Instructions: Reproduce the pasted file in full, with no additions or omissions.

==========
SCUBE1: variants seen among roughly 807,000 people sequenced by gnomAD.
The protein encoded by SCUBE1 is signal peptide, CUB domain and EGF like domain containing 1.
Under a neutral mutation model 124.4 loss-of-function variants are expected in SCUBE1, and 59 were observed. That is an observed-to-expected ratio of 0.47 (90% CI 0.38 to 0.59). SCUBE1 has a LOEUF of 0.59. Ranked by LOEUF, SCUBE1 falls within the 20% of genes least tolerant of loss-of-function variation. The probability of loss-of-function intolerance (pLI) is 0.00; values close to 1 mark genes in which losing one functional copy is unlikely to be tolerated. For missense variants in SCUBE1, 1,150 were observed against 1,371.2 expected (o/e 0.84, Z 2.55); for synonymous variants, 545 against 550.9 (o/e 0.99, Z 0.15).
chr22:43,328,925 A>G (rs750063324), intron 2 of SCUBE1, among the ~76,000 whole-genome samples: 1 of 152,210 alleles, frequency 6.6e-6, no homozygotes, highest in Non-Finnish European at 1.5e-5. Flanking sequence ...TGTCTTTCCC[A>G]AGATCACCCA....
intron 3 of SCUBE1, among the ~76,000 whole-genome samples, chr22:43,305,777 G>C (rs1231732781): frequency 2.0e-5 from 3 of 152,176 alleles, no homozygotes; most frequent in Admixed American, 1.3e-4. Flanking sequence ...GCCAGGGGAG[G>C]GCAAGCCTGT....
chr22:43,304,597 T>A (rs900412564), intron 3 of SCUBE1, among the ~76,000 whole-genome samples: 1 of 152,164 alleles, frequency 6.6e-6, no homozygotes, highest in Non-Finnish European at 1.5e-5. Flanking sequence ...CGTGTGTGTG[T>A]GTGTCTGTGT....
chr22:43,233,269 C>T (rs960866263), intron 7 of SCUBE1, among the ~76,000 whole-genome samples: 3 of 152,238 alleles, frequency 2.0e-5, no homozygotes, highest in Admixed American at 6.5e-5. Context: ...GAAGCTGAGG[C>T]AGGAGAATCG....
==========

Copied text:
SCUBE1: variants seen among roughly 807,000 people sequenced by gnomAD.
The protein encoded by SCUBE1 is signal peptide, CUB domain and EGF like domain containing 1.
Under a neutral mutation model 124.4 loss-of-function variants are expected in SCUBE1, and 59 were observed. That is an observed-to-expected ratio of 0.47 (90% CI 0.38 to 0.59). SCUBE1 has a LOEUF of 0.59. Ranked by LOEUF, SCUBE1 falls within the 20% of genes least tolerant of loss-of-function variation. The probability of loss-of-function intolerance (pLI) is 0.00; values close to 1 mark genes in which losing one functional copy is unlikely to be tolerated. For missense variants in SCUBE1, 1,150 were observed against 1,371.2 expected (o/e 0.84, Z 2.55); for synonymous variants, 545 against 550.9 (o/e 0.99, Z 0.15).
chr22:43,328,925 A>G (rs750063324), intron 2 of SCUBE1, among the ~76,000 whole-genome samples: 1 of 152,210 alleles, frequency 6.6e-6, no homozygotes, highest in Non-Finnish European at 1.5e-5. Flanking sequence ...TGTCTTTCCC[A>G]AGATCACCCA....
intron 3 of SCUBE1, among the ~76,000 whole-genome samples, chr22:43,305,777 G>C (rs1231732781): frequency 2.0e-5 from 3 of 152,176 alleles, no homozygotes; most frequent in Admixed American, 1.3e-4. Flanking sequence ...GCCAGGGGAG[G>C]GCAAGCCTGT....
chr22:43,304,597 T>A (rs900412564), intron 3 of SCUBE1, among the ~76,000 whole-genome samples: 1 of 152,164 alleles, frequency 6.6e-6, no homozygotes, highest in Non-Finnish European at 1.5e-5. Flanking sequence ...CGTGTGTGTG[T>A]GTGTCTGTGT....
chr22:43,233,269 C>T (rs960866263), intron 7 of SCUBE1, among the ~76,000 whole-genome samples: 3 of 152,238 alleles, frequency 2.0e-5, no homozygotes, highest in Admixed American at 6.5e-5. Context: ...GAAGCTGAGG[C>T]AGGAGAATCG....